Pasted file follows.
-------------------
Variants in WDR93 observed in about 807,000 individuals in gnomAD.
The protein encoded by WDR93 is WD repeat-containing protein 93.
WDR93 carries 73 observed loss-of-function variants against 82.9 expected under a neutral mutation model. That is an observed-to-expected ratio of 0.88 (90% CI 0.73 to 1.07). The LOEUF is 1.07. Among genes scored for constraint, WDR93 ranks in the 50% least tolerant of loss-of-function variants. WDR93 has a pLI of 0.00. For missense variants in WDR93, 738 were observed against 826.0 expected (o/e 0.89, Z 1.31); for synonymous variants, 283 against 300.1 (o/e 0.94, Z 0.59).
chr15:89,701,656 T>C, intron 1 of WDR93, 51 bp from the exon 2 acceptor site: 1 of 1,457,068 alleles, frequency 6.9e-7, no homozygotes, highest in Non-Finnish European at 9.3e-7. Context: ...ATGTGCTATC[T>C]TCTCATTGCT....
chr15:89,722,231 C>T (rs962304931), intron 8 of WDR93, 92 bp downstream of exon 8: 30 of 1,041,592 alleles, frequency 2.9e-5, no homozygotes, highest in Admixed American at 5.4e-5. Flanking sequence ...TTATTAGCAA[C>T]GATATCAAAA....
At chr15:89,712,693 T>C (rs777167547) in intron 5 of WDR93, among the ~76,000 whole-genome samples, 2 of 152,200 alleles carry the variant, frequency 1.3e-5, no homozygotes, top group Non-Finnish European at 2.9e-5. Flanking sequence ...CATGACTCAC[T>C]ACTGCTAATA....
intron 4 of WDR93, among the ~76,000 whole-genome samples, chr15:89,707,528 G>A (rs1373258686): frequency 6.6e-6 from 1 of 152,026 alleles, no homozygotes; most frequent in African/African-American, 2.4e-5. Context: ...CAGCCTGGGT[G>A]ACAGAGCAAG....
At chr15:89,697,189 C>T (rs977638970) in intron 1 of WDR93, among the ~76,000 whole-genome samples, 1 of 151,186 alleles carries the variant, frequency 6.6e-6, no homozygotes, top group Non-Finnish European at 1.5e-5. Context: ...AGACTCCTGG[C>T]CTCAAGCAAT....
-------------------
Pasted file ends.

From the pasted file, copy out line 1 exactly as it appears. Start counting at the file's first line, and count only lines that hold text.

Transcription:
Variants in WDR93 observed in about 807,000 individuals in gnomAD.